Pegasus tetrabelos is a species of coastal sea moth which occurs over muddy and sandy substrates in seas off northeastern Australia. It was described in 2016, separated from the more widespread and sympatric P. volitans.
There have been no devoted surveys or population approximations for this particular species. The species is described from 135 specimens that were gathered in scientific trawl surveys between 2003 and 2005.
Habitat and Ecology
Pegasus tetrabelos dwells in sandy substrates at depths ranging from 8 to 40 m. Little is known about their feeding habits, but other members of the family tend to forage on small epifaunal invertebrates like crustaceans. 
The species is caught as bycatch in shrimp trawl fisheries. Nothing is known about trade in this particular species, but substantial target and bycatch fisheries for pegasids occur throughout the Indo-West Pacific for traditional medicine and aquarium use.
- Pollom, R. (2017). "Pegasus tetrabelos". The IUCN Red List of Threatened Species. 2017: e.T101730582A103209434. doi:10.2305/IUCN.UK.2017-3.RLTS.T101730582A103209434.en.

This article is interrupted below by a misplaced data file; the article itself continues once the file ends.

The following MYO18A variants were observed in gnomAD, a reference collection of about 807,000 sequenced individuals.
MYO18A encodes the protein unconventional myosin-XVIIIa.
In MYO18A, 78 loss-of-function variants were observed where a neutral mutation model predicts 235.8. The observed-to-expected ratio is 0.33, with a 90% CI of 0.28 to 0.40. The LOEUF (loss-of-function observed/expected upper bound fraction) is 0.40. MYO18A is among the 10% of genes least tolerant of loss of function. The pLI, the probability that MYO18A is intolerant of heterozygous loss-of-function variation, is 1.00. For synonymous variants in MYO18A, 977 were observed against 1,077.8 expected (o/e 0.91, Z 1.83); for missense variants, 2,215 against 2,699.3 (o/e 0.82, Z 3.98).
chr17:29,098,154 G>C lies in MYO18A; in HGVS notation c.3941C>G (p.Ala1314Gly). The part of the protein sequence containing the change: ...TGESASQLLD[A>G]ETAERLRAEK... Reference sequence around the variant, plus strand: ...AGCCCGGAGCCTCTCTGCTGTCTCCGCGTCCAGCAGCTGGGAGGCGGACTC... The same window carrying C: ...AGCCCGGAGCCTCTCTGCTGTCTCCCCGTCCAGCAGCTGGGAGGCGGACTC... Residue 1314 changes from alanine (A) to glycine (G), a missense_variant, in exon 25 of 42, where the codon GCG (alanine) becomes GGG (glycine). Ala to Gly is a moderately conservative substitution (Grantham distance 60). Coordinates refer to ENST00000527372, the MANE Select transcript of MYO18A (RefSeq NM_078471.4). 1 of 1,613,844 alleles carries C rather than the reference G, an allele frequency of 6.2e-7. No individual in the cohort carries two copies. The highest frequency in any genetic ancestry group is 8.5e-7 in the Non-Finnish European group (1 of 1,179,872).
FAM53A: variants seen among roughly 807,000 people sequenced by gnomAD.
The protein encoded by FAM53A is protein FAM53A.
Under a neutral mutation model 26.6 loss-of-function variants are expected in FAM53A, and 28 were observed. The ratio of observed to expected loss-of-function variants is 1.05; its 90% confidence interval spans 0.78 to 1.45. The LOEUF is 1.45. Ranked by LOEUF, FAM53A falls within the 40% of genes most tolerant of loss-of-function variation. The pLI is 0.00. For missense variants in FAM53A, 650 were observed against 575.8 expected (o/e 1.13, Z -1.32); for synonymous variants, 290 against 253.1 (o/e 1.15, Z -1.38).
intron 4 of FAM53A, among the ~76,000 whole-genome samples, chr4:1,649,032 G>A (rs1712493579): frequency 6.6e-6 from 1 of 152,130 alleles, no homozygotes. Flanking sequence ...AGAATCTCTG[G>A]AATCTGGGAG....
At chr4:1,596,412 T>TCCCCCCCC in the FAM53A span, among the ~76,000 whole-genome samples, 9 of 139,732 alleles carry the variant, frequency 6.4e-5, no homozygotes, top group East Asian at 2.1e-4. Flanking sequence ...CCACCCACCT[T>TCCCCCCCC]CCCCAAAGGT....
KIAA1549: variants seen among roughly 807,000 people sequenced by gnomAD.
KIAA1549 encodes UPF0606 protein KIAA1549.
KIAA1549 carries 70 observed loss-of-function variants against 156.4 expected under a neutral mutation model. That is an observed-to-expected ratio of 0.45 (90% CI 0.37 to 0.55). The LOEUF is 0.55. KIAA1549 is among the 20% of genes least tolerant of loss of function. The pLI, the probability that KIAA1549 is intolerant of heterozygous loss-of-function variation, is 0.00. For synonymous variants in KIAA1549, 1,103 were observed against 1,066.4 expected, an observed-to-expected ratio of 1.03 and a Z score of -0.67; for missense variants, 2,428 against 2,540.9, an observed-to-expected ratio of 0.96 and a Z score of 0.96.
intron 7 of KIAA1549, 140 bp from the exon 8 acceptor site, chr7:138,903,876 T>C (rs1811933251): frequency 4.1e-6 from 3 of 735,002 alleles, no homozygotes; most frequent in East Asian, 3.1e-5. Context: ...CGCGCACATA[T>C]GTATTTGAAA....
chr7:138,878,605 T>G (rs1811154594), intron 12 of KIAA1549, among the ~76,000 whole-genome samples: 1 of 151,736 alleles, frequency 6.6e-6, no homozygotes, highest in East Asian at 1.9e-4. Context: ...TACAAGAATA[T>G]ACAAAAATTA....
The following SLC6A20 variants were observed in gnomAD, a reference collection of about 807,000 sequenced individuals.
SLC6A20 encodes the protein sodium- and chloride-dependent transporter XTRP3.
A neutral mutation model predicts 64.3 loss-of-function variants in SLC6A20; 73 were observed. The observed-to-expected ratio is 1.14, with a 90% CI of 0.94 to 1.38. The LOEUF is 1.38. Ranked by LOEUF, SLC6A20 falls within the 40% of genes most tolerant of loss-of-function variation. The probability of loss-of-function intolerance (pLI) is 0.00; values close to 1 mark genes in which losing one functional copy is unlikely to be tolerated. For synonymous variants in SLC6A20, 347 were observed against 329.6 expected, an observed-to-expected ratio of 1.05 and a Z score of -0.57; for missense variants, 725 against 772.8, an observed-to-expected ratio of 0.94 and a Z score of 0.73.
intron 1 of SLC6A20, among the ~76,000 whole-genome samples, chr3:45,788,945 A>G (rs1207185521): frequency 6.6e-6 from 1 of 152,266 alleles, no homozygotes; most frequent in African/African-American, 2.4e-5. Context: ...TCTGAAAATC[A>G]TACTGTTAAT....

- Deborah Osterhage; John J. Pogonoski; Sharon A. Appleyard & William T. White (2016). "Integrated Taxonomy Reveals Hidden Diversity in Northern Australian Fishes: A New Species of Seamoth (Genus Pegasus)". PLoS ONE. 11 (3): e0149415. doi:10.1371/journal.pone.0149415. PMC 4774964. PMID 26934529.
- Herold, D. & Clark, E. (1993). "Monogamy, spawning and skin-shedding of the sea moth, Eurypegasus draconis (Pisces: Pegasidae)". Environmental Biology of Fishes. 37 (3): 219–236. doi:10.1007/BF00004630.
- Amanda C. J. Vincent (1997). "Trade in pegasid fishes (sea moths), primarily for traditional Chinese medicine" (PDF). Oryx. 31 (3): 199–208.
- Marivic G. Pajaro; Jessica J.Meeuwig; Brian G. Giles & Amanda C.J. Vincent (2004). "Biology, fishery and trade of sea moths (Pisces:Pegasidae) in the central Philippines" (PDF). Oryx. 38 (4): 432–438.
Palsson, W.A. and Pietsch, T.W. 1989. Revision of the acanthopterygian fish family Pegasidae (order Gasterosteiformes). Indo-Pacific Fishes 18: 1038.
|This Syngnathiformes-related article is a stub. You can help Wikipedia by expanding it.|